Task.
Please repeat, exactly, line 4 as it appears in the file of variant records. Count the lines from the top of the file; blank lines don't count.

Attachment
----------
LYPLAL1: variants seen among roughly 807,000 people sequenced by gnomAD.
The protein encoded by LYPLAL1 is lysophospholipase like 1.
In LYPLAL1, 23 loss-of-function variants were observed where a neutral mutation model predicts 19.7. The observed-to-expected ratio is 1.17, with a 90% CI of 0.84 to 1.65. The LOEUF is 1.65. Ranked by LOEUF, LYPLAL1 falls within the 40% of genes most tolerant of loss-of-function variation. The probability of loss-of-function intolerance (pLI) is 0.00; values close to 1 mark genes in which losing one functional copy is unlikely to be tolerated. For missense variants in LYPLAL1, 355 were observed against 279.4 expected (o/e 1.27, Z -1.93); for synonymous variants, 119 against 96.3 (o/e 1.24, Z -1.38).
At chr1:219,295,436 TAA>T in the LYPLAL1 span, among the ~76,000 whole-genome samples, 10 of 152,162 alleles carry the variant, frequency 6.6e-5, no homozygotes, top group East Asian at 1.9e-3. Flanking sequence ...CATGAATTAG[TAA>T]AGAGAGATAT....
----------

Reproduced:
At chr1:219,295,436 TAA>T in the LYPLAL1 span, among the ~76,000 whole-genome samples, 10 of 152,162 alleles carry the variant, frequency 6.6e-5, no homozygotes, top group East Asian at 1.9e-3. Flanking sequence ...CATGAATTAG[TAA>T]AGAGAGATAT....